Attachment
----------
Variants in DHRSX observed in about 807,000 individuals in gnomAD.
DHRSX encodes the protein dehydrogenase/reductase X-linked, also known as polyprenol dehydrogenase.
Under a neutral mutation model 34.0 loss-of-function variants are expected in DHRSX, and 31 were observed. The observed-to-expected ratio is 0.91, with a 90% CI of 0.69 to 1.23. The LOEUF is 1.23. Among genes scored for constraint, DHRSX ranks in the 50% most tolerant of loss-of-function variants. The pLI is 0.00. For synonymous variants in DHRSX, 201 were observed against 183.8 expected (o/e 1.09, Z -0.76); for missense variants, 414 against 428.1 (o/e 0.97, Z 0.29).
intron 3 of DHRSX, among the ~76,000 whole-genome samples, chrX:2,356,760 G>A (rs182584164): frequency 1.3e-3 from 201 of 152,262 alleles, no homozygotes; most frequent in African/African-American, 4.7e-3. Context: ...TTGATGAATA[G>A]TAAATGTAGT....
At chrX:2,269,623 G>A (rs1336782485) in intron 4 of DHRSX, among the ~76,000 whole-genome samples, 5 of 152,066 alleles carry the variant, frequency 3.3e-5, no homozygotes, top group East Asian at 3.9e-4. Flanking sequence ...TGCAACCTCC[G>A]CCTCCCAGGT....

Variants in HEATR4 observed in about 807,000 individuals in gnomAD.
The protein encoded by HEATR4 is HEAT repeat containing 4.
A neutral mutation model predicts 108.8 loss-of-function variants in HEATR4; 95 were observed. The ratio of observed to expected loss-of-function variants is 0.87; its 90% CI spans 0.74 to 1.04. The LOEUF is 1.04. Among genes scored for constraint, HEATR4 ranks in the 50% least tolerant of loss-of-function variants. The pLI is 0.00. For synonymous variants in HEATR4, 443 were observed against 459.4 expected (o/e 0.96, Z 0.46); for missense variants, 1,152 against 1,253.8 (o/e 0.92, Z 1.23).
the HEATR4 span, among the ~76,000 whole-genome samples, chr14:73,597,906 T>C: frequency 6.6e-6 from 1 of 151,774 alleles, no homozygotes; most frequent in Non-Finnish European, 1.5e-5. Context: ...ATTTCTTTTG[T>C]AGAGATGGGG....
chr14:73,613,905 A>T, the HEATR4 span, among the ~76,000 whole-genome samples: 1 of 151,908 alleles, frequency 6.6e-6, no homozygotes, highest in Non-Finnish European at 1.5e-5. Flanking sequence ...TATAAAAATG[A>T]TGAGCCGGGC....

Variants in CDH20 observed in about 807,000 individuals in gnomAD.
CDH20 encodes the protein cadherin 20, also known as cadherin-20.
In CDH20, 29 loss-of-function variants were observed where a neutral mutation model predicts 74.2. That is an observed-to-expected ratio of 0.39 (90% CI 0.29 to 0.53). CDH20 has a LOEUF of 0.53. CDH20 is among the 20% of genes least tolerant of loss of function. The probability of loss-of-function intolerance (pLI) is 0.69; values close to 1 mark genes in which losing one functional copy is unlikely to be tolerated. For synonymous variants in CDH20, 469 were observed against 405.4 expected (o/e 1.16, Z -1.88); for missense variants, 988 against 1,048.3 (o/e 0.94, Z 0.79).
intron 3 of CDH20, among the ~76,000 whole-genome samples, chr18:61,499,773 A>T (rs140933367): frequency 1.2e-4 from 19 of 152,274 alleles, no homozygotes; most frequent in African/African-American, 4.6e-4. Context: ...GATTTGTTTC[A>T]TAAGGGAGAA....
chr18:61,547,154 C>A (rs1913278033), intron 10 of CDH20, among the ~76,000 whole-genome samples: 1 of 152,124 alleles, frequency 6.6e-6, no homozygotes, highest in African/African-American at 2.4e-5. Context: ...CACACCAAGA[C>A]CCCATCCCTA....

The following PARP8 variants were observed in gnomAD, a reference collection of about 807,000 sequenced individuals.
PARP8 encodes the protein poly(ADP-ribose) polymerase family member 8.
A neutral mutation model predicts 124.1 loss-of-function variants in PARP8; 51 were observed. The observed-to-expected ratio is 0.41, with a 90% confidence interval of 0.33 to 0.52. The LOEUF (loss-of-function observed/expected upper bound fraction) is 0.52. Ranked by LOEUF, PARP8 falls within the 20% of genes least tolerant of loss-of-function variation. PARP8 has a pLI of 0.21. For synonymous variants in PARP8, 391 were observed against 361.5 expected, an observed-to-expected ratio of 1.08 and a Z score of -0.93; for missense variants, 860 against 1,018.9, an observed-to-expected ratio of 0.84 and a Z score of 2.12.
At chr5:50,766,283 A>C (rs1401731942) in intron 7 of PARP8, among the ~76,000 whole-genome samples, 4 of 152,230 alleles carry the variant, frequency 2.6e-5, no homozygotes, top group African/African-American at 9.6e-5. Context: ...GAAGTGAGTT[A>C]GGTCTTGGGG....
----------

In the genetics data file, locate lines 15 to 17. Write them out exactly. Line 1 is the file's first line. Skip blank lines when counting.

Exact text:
chr18:61,547,154 C>A (rs1913278033), intron 10 of CDH20, among the ~76,000 whole-genome samples: 1 of 152,124 alleles, frequency 6.6e-6, no homozygotes, highest in African/African-American at 2.4e-5. Context: ...CACACCAAGA[C>A]CCCATCCCTA....

The following PARP8 variants were observed in gnomAD, a reference collection of about 807,000 sequenced individuals.
PARP8 encodes the protein poly(ADP-ribose) polymerase family member 8.